Kids with diabetes may be more likely to develop dry eye as well.
Kids with diabetes may be more likely to develop dry eye as well. Click image to enlarge.

Research has shown that the risk of chronic eye disease increases with the progression of diabetes. A new study based in China found a high rate of dry eye disease (DED) in children with diabetes at three years.

In 2018, the investigators established the Shanghai Children and Adolescent Diabetes Eye (SCADE) Study, which found the prevalence of DED was much higher in children with diabetes (about 29%) compared with healthy children (5%). From this original cohort of 123 participants, diabetic children and adolescents between the ages of three and 14 who didn’t have dry eye were followed for three years. Due to the pandemic, only 40 of these participants were re-examined in early 2021.

At three years, nine of the children were diagnosed with dry eye (seven girls and two boys, roughly 23%), for an annual DED incidence rate of approximately 8%. The researchers found the main risk factor for developing DED was decreased corneal sensation (OR=25.60). Other potential contributing factors included a long course of diabetes (OR=1.80), eye pain (OR=12.27) and having parents with DED (OR=15.99).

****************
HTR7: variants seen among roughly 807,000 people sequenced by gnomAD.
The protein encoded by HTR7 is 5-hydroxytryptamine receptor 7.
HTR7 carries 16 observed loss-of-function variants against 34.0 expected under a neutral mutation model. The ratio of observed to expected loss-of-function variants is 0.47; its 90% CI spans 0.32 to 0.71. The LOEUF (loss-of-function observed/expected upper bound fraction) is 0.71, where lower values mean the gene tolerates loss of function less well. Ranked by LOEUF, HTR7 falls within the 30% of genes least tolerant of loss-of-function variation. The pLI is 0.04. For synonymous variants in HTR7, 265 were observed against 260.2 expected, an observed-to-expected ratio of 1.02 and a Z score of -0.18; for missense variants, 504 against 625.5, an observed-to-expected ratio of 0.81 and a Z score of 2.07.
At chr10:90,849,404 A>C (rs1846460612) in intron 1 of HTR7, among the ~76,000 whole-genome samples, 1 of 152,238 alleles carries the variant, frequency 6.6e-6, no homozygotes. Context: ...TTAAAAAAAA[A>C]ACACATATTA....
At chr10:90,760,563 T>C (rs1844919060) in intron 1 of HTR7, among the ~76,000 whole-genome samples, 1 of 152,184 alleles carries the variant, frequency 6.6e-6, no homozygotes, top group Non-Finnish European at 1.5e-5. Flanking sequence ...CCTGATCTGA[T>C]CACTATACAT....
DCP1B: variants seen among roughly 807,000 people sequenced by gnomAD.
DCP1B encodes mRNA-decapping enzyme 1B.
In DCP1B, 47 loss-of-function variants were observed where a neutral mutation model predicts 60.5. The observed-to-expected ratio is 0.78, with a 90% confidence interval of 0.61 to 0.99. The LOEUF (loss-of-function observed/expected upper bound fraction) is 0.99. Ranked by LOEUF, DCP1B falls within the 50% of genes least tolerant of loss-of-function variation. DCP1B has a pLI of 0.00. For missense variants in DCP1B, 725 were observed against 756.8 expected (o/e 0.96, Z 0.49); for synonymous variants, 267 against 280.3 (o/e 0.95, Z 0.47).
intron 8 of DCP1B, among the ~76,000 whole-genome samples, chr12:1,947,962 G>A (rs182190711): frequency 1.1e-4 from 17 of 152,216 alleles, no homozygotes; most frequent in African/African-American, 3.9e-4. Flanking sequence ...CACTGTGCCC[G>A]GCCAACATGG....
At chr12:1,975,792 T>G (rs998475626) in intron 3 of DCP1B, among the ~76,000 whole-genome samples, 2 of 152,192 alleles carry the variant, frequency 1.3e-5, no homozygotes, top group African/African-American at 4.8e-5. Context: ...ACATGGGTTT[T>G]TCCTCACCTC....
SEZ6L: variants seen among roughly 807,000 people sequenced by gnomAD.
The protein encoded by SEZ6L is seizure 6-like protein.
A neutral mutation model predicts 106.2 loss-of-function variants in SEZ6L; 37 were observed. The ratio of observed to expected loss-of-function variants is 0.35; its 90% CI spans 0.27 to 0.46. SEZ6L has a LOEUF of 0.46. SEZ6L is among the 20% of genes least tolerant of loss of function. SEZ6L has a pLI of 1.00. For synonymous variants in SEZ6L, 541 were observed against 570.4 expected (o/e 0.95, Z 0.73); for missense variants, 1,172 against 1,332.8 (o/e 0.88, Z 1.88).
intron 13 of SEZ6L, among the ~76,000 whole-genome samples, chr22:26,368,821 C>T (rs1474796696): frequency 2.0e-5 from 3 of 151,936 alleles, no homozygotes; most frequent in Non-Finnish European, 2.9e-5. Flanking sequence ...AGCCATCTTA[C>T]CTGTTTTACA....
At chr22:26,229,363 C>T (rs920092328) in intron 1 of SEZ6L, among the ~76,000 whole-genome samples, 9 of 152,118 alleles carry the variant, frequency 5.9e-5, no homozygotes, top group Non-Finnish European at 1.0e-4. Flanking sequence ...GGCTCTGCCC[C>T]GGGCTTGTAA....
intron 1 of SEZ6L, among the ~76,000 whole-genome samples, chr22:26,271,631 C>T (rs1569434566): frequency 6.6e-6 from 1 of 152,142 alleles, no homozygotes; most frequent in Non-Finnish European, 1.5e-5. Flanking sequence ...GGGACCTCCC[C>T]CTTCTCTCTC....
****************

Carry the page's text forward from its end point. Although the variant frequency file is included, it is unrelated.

Previous investigations in adult populations have found the longer the duration of diabetes, the more severe the damage of accessory lacrimal gland cells, in addition to less tear secretion, which causes an increased prevalence of dry eye.

Based on the current study’s findings, children with the aforementioned risk factors should receive a DED evaluation for early diagnosis and treatment to improve their prognosis and quality of life, the investigators said.

Parents of diabetic children should also be made aware of DED risk through publicity and education, they added. Simultaneously, it is necessary to establish a screening mode and a better file management system, in addition to creating prevention and treatment norms and strengthening scientific management of DED in children with diabetes, they added.

As a comparison point, prior studies have reported that the factors related to the prevalence of dry eye in adult patients with diabetes were age, sex, course of disease, corneal perception, fasting blood glucose and glycosylated hemoglobin levels.

Chen Z, Xiao Y, Qian Y, et al. Incidence and risk factors of dry eye in children and adolescents with diabetes mellitus: a three-year follow-up study. Front Med. November 29, 2021. [Epub ahead of print].